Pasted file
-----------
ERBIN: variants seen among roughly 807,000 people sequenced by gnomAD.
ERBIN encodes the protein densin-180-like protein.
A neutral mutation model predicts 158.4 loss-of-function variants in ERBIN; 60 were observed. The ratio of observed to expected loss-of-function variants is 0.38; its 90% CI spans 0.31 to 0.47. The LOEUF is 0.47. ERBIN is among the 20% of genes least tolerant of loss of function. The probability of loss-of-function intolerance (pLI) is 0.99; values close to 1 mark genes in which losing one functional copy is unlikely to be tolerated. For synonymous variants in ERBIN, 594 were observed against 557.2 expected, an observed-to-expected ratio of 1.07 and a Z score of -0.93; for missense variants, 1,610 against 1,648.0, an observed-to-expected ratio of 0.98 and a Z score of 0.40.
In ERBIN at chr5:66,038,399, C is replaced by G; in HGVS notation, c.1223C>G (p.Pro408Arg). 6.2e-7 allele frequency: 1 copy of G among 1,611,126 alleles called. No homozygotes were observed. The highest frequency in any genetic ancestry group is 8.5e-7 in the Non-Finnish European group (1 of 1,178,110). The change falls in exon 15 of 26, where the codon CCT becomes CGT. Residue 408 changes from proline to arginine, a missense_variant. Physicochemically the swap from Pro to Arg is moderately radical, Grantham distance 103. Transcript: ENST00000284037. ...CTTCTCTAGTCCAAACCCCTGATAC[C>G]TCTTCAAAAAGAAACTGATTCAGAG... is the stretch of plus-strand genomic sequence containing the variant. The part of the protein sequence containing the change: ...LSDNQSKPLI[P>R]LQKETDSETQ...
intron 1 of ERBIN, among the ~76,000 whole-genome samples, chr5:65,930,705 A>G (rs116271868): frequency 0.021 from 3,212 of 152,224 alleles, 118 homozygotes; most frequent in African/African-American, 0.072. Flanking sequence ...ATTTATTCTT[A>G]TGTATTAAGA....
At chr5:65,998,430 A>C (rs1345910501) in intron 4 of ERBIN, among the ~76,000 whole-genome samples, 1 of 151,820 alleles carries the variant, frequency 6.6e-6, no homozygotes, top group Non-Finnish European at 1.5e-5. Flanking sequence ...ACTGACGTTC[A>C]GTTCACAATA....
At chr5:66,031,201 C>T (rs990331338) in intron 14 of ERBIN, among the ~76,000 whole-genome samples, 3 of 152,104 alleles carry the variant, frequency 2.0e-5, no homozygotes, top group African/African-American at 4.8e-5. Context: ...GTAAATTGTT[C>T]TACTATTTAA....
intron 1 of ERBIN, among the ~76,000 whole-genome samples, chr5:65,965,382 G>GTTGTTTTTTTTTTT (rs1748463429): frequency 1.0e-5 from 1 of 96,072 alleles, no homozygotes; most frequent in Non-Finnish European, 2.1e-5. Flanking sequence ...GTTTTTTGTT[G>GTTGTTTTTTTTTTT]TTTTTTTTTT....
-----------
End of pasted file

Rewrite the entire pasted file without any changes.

ERBIN: variants seen among roughly 807,000 people sequenced by gnomAD.
ERBIN encodes the protein densin-180-like protein.
A neutral mutation model predicts 158.4 loss-of-function variants in ERBIN; 60 were observed. The ratio of observed to expected loss-of-function variants is 0.38; its 90% CI spans 0.31 to 0.47. The LOEUF is 0.47. ERBIN is among the 20% of genes least tolerant of loss of function. The probability of loss-of-function intolerance (pLI) is 0.99; values close to 1 mark genes in which losing one functional copy is unlikely to be tolerated. For synonymous variants in ERBIN, 594 were observed against 557.2 expected, an observed-to-expected ratio of 1.07 and a Z score of -0.93; for missense variants, 1,610 against 1,648.0, an observed-to-expected ratio of 0.98 and a Z score of 0.40.
In ERBIN at chr5:66,038,399, C is replaced by G; in HGVS notation, c.1223C>G (p.Pro408Arg). 6.2e-7 allele frequency: 1 copy of G among 1,611,126 alleles called. No homozygotes were observed. The highest frequency in any genetic ancestry group is 8.5e-7 in the Non-Finnish European group (1 of 1,178,110). The change falls in exon 15 of 26, where the codon CCT becomes CGT. Residue 408 changes from proline to arginine, a missense_variant. Physicochemically the swap from Pro to Arg is moderately radical, Grantham distance 103. Transcript: ENST00000284037. ...CTTCTCTAGTCCAAACCCCTGATAC[C>G]TCTTCAAAAAGAAACTGATTCAGAG... is the stretch of plus-strand genomic sequence containing the variant. The part of the protein sequence containing the change: ...LSDNQSKPLI[P>R]LQKETDSETQ...
intron 1 of ERBIN, among the ~76,000 whole-genome samples, chr5:65,930,705 A>G (rs116271868): frequency 0.021 from 3,212 of 152,224 alleles, 118 homozygotes; most frequent in African/African-American, 0.072. Flanking sequence ...ATTTATTCTT[A>G]TGTATTAAGA....
At chr5:65,998,430 A>C (rs1345910501) in intron 4 of ERBIN, among the ~76,000 whole-genome samples, 1 of 151,820 alleles carries the variant, frequency 6.6e-6, no homozygotes, top group Non-Finnish European at 1.5e-5. Flanking sequence ...ACTGACGTTC[A>C]GTTCACAATA....
At chr5:66,031,201 C>T (rs990331338) in intron 14 of ERBIN, among the ~76,000 whole-genome samples, 3 of 152,104 alleles carry the variant, frequency 2.0e-5, no homozygotes, top group African/African-American at 4.8e-5. Context: ...GTAAATTGTT[C>T]TACTATTTAA....
intron 1 of ERBIN, among the ~76,000 whole-genome samples, chr5:65,965,382 G>GTTGTTTTTTTTTTT (rs1748463429): frequency 1.0e-5 from 1 of 96,072 alleles, no homozygotes; most frequent in Non-Finnish European, 2.1e-5. Flanking sequence ...GTTTTTTGTT[G>GTTGTTTTTTTTTTT]TTTTTTTTTT....